Kia Lindroos, Ph.D
Department of Social Sciences and Philosophy
University of Jyväskylä
Chair/Convenor of the Politics and the Arts Group
Politics and the Arts (Polarts) research team vice-leader
GSM: 050 3435 218
P.O. Box 35 (Ylistönmäentie 33)
FI-40014 University of Jyväskylä
Kia Lindroos’ research is a continuation of her long standing interests in political theory, politics, and time and aesthetics. The main focus is on temporality, in which the nature of political time appears as a core question. This is connected to the broader issues of political contingency and change. This work is based on her extensive studies and publications on Walter Benjamin’s thought, which serve as a starting point in the endeavour to deepen her knowledge of both the conception of temporality, which she refers to as ‘kairological’, as well as its limitations. The research will result in the completion of the monograph, Political Cairology, in 2010.
The monograph The Politics of Vision (2007) is based on the examination of political images and the imaginary as representations of political ideas and actions that relate to political knowledge and memory, thus shaping our imaginary of history and the present time. The Politics of Vision expands these ideas towards the examination of images as concepts that offer perspectives on politics which vary according to the specific ‘reader’ (viewer) and time of perception/experience.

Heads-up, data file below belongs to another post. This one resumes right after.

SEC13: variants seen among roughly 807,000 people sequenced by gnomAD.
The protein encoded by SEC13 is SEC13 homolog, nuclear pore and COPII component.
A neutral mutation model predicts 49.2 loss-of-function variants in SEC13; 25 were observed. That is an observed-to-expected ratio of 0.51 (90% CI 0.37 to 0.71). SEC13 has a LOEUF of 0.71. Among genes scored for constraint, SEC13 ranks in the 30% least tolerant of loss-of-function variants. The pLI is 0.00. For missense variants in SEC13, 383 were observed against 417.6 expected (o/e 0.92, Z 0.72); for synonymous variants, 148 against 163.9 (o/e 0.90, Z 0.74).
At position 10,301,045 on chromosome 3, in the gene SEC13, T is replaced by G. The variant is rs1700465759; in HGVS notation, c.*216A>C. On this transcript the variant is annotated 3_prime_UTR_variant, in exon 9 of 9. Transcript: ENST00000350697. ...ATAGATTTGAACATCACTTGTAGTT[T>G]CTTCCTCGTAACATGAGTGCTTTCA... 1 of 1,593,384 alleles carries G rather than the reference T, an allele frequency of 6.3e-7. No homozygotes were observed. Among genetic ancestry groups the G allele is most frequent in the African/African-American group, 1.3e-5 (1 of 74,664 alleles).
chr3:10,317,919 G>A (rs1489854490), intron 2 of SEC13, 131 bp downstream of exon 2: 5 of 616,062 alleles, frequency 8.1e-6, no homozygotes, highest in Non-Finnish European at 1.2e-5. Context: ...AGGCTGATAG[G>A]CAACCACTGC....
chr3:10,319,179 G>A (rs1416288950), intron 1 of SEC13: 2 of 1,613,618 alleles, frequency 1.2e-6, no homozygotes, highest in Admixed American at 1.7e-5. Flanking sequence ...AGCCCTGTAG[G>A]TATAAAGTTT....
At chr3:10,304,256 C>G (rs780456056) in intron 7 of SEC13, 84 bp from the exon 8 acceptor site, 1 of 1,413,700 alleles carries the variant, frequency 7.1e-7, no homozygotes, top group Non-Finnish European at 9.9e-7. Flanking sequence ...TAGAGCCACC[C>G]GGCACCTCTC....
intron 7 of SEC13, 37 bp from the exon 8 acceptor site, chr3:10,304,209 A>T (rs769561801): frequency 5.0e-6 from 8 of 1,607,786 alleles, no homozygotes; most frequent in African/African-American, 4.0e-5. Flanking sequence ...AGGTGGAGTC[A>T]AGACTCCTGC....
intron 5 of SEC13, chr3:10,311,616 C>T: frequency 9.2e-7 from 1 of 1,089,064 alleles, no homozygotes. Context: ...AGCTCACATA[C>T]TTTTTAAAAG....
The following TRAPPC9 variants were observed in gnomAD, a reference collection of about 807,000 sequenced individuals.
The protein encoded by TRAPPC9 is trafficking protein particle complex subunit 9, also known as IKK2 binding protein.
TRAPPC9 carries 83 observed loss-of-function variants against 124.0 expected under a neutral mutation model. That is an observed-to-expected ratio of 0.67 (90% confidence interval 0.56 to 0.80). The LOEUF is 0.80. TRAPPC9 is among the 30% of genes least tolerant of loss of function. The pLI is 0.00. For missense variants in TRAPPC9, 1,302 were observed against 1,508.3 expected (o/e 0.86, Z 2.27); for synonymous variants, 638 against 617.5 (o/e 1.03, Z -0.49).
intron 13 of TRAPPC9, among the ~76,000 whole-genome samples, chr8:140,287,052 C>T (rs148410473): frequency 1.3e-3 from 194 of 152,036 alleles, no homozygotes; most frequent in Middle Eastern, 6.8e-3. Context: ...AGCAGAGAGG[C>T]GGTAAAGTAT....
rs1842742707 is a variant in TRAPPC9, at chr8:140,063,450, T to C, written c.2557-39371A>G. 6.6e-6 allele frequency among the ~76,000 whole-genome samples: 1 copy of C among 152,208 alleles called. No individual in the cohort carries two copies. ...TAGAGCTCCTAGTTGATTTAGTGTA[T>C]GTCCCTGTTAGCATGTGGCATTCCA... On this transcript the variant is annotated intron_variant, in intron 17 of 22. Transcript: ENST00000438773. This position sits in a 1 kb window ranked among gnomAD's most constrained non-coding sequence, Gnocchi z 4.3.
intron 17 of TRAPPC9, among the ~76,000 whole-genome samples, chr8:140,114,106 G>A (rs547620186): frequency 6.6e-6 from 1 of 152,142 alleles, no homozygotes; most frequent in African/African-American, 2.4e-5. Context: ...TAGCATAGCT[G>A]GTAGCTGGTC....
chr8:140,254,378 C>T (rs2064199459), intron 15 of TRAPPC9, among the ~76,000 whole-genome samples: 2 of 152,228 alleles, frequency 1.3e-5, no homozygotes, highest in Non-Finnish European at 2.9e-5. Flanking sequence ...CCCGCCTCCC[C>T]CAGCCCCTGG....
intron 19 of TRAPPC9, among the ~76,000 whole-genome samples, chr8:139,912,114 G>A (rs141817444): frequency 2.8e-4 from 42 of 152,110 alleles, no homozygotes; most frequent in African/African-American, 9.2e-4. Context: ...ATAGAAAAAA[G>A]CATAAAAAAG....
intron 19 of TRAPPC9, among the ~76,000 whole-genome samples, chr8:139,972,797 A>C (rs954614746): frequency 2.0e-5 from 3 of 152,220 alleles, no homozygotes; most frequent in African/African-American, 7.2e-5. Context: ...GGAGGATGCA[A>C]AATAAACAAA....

Here, in relation to the research team’s interest in narrative, it will be especially intriguing to outline the variation in terms of the ways in which one narrates a story/political event and/or the ways in which one might ‘picture’ a story or political event as a singular moment, as a visual conception of something that has happened.
‘Visuality’ (not to be confused with ‘visible’) is understood as having been a broad topic of interest during the Enlightenment period, and one might pay particular attention to the idea tai notion of ‘figurative spacing’ as a means of controlling or legislating the terrain upon which several concepts are articulated. In this sense, the politics of vision will also be discussed in Foucaultdian terms.
The various modes of image production, the political shaping and control of visuality in different eras and topics, such as looking or surveying, places a great deal of emphasis on the role of spectator. The different modes of looking/guiding the one’s gaze are to be seen as ‘conceptual changes’ that may be related to technological media (the technological ability to produce images) throughout different eras.